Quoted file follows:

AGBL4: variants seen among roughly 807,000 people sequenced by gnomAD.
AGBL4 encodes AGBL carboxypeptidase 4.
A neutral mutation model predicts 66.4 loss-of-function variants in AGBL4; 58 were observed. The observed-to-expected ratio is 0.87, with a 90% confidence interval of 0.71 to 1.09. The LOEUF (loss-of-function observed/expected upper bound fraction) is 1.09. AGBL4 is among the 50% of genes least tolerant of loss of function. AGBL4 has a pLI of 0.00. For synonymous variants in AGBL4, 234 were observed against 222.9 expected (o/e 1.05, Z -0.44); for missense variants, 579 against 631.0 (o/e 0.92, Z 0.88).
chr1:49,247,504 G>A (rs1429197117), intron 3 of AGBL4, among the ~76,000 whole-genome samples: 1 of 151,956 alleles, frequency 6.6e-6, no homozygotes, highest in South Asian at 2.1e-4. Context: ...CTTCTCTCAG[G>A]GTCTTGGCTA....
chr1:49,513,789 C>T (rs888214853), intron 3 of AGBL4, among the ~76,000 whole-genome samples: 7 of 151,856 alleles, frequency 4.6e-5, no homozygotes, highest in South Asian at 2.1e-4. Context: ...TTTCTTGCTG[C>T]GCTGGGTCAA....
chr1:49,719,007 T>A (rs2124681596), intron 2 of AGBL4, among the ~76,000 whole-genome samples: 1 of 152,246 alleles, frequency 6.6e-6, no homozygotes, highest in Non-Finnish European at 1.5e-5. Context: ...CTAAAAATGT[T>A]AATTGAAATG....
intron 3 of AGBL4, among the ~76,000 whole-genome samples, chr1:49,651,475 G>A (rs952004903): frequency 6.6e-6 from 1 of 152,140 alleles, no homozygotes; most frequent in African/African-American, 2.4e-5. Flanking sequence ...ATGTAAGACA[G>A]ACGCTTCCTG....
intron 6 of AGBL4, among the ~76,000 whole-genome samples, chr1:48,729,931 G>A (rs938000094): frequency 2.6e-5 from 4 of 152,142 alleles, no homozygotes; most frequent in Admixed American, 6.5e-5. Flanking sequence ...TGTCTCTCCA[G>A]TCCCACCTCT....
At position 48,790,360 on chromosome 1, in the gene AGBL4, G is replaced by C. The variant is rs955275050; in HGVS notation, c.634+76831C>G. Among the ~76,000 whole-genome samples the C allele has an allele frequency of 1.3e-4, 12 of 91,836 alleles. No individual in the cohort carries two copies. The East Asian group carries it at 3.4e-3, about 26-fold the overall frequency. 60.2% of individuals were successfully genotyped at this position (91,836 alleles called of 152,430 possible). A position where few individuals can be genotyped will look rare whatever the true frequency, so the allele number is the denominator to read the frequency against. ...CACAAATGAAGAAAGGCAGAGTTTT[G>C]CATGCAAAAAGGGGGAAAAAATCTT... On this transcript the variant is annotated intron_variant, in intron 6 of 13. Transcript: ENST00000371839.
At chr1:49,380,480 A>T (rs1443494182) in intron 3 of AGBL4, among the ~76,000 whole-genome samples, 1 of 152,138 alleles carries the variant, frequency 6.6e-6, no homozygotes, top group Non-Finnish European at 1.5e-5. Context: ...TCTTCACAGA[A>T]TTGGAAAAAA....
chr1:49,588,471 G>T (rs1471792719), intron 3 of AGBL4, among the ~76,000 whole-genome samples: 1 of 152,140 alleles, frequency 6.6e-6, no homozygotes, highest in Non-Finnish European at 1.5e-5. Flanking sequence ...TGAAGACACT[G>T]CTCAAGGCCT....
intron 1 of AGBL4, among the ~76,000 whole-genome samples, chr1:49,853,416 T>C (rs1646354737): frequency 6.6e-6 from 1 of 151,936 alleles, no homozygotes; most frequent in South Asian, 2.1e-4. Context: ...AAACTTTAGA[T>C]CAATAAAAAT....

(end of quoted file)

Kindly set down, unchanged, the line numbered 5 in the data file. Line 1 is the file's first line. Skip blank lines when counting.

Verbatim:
chr1:49,513,789 C>T (rs888214853), intron 3 of AGBL4, among the ~76,000 whole-genome samples: 7 of 151,856 alleles, frequency 4.6e-5, no homozygotes, highest in South Asian at 2.1e-4. Context: ...TTTCTTGCTG[C>T]GCTGGGTCAA....